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$1.5M in prepaid funerals said safe amid investigation

SOUTH HADLEY — The William W. Ryder behind the problems at the South Hadley funeral home that bears his family’s name is not the same man that funeral directors and others who have worked with him over the years know.

That’s not meant to excuse Ryder’s behavior that led the state to suspend his funeral director’s license and shut down the family’s longtime business last Friday, but the industry practices that Ryder is accused of violating — health code violations including bodies not being properly embalmed and stored — stand in stark contract to the person they’ve come to know over the years.

Michael Ahearn, of Ahearn Funeral Home in Northampton, met Ryder some 30 years ago when Ahearn’s father helped Ryder’s father, Myron, stage funerals. That friendship grew stronger after Ahearn started his own funeral home 14 years ago and William Ryder took over the Ryder Funeral Home after his father died.

Ahearn said it was common for the two funeral directors to cover for each other during times of need and he often turned to Ryder for advice, especially during the early years of his business.

“Will’s Dad was a larger-than-life character and Will is the same way,” Ahearn said. “We would often get together to talk about the business or what a tough week we had. We understand each other because of our businesses.”

Funeral home directors and others interviewed this week either declined to discuss what changed in Ryder’s life in recent months — or they didn’t know and were hesitant to speculate — that led to the out-of-character behavior that eventually tipped off state investigators to come knocking on the door of his funeral home on Lamb Street in the South Hadley Falls section of the town.

Once there, investigators found nine bodies, some of whom were in various states of decomposition due to being improperly stored and embalmed. Ryder’s attorney has said Ryder, 53, is dealing with “significant medical issues” that required medical testing and health evaluations this week. He declined to be more specific.

“He was overwhelmed personally, professionally and medically,” said Chris Powers, a funeral director at Czelusniak Funeral Home in Northampton.

The Czelusniaks are friends of the Ryder family and were called in last week, along with Paul Phaneuf, a funeral director at ????, to help process the bodies and organize funeral arrangements that were already in progress.

Powers said many families were understandably upset and felt betrayed, as was he and the funeral home’s patriarch, Bob Czelusniak, and current owner, Jay Czelusniak. Powers describes the trio as three “pretty tough guys,” but even they shed a few tears last week.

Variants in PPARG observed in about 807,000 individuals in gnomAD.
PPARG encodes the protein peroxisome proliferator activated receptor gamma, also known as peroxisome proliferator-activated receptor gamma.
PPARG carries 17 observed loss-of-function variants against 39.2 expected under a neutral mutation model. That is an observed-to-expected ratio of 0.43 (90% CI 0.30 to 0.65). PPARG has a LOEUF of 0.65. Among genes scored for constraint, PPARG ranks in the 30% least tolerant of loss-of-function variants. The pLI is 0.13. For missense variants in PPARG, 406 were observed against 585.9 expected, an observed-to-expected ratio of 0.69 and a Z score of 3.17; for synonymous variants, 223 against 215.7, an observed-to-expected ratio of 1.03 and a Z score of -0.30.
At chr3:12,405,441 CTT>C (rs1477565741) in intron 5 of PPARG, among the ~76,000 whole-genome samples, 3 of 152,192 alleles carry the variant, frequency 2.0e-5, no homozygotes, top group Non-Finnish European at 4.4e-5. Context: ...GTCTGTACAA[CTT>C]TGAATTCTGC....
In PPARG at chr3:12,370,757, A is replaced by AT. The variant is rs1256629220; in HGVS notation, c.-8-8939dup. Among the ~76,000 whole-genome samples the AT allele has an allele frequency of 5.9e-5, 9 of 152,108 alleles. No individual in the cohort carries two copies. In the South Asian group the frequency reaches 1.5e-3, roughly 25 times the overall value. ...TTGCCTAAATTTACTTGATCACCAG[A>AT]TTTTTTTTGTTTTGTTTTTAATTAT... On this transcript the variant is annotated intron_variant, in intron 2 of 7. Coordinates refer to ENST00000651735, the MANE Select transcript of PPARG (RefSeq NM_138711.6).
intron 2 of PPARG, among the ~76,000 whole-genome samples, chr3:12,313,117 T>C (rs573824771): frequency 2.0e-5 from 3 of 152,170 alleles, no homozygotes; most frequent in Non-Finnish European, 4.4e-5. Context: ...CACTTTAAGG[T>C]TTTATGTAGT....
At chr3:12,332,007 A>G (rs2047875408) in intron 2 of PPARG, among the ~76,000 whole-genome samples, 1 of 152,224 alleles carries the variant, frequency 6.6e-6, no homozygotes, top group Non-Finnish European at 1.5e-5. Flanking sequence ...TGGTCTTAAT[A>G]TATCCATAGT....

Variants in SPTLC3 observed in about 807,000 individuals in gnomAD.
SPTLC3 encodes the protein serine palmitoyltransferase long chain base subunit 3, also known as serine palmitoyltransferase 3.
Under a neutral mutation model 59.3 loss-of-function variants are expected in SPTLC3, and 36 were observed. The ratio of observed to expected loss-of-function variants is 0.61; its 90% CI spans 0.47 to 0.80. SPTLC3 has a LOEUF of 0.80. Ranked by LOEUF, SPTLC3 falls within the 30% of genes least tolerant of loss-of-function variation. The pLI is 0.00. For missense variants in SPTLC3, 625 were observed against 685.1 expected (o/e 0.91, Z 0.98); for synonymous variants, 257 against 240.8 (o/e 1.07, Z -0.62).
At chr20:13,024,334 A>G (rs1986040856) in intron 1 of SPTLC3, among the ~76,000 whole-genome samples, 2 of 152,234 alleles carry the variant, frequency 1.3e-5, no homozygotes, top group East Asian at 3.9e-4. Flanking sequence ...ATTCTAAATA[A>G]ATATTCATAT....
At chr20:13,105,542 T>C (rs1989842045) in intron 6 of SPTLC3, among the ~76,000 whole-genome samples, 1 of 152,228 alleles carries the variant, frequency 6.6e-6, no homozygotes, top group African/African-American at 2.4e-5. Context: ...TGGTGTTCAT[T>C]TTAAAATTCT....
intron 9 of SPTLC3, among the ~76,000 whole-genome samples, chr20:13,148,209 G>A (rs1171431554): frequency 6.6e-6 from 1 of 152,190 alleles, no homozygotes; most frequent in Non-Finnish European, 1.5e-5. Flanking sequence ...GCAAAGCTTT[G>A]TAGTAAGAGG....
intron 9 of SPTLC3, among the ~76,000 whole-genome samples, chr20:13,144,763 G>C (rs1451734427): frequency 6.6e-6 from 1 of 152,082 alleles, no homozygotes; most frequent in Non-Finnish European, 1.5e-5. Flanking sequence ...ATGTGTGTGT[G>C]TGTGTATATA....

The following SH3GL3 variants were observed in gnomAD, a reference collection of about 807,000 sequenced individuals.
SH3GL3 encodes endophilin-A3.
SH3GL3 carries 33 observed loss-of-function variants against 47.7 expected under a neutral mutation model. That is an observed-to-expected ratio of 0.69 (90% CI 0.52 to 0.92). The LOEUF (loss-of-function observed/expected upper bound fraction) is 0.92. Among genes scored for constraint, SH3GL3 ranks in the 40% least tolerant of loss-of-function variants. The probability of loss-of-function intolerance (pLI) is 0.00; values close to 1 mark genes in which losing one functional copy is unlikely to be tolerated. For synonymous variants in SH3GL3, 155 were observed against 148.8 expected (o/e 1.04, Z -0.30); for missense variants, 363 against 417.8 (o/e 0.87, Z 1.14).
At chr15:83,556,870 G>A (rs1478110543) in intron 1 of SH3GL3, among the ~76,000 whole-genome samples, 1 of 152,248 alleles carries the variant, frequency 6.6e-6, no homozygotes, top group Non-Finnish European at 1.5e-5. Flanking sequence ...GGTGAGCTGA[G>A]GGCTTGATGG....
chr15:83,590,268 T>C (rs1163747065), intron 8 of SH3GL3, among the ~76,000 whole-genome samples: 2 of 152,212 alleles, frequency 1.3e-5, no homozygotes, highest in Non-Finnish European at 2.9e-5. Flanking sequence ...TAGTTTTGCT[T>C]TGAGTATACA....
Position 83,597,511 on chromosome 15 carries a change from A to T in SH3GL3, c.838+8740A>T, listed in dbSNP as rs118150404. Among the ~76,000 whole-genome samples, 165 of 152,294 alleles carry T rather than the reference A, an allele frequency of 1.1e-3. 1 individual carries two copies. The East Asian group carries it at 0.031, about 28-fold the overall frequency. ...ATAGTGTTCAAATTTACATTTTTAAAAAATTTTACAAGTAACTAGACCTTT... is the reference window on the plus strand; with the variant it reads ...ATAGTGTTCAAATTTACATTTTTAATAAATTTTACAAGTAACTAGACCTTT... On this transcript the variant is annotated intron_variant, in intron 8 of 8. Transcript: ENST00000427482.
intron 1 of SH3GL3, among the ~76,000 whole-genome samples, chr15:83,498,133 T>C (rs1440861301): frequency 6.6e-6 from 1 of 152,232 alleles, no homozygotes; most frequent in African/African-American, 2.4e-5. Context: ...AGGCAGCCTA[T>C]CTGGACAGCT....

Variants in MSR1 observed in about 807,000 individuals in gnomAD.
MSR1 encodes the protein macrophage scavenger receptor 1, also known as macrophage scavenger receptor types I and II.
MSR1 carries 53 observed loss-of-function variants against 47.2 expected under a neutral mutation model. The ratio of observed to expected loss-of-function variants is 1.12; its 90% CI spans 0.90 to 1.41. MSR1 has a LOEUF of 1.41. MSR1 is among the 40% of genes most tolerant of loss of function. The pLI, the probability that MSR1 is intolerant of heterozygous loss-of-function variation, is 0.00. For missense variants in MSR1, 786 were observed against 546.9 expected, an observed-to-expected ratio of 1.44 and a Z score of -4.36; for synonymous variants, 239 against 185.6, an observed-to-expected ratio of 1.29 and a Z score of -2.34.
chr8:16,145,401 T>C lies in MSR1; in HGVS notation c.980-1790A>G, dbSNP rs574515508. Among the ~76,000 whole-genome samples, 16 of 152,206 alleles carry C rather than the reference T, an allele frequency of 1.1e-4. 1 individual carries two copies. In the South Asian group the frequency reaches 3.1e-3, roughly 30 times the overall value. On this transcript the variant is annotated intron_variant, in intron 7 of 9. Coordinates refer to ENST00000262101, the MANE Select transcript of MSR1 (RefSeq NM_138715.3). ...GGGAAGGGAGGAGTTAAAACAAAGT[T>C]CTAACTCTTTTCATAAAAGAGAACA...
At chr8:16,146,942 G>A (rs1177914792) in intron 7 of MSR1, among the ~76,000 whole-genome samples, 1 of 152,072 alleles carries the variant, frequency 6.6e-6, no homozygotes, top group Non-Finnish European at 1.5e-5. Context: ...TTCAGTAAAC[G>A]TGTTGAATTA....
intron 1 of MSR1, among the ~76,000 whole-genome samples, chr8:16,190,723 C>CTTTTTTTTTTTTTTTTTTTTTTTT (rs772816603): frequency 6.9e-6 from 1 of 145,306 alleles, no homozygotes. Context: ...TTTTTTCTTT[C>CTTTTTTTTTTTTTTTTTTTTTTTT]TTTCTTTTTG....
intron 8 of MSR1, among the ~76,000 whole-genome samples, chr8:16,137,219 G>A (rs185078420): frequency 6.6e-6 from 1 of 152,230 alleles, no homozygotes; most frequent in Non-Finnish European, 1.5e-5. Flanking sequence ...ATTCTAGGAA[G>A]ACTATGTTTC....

“It shakes you to the core when something like this happens,” Powers said.

While he declines to speculate about Ryder’s personal health issues that led to last week’s state action, Ahearn said the stresses of the mortuary business can be overwhelming. Many funeral directors work in communities where they grew up, running funeral homes that are often handed down from one generation to the next. That has the benefits of name recognition and being a trusted place for families to go to when a loved one dies. But it can also be taxing emotionally for funeral directors who often help families that they knew. Ahearn estimates that he personal knows a majority of the people he buries.

“It can wear on you,” Ahearn said. “The stresses of the business can get to people.”

Like others, Marc Dupont, spokemsan for the Springfield Diocese and a South Hadley native, said he was surprised and saddened by the news last week. The Dupont family has used Ryder on numerous occassions over the years to handle arrangments for his grandfather, his parents and his wife’s parents. He recalls Ryder’s graciousness and understanding during those difficult times.

“You never felt like it was a business transaction with the Ryders,” Dupont said. “It’s extremely sad. I don’t know the circumstances that led to this, but I hope people don’t rush to judgement.”

Several interviewed said the Ryders have been heavily involved in the South Hadley community and have been a fixture there since the business began in 1953.

“Like his father, Will was devoted to South Hadley and the residents there,” said Ahearn.

In addition to sponsoring youth sports teams, scholarships for South Hadley and Granby graduates, and funding other community events, William Ryder volunteer in other capacities over the years, including as a member of South Hadley Fire District No. 1’s Prudential Committee. Three years ago, the South Hadley Parade Committee selected him for its “Irish Knights” award and he was part of the town’s marching contingent in the St. Patrick’s Day Parade in Holyoke.

Powers said 70-hour work weeks are not uncommon for the funeral business, where off-hour calls in the middle of the night and on weekends and holidays are simply part of the job. That’s why funeral directors have informal agreements to cover for each other during vacations, when multiple funerals are scheduled for the same day, or when other needs arise. These agreements typically take place between funeral homes from different communities because of the competition involved, Powers said.

He said Ryder had not reached out to other funeral homes in the last couple of months.

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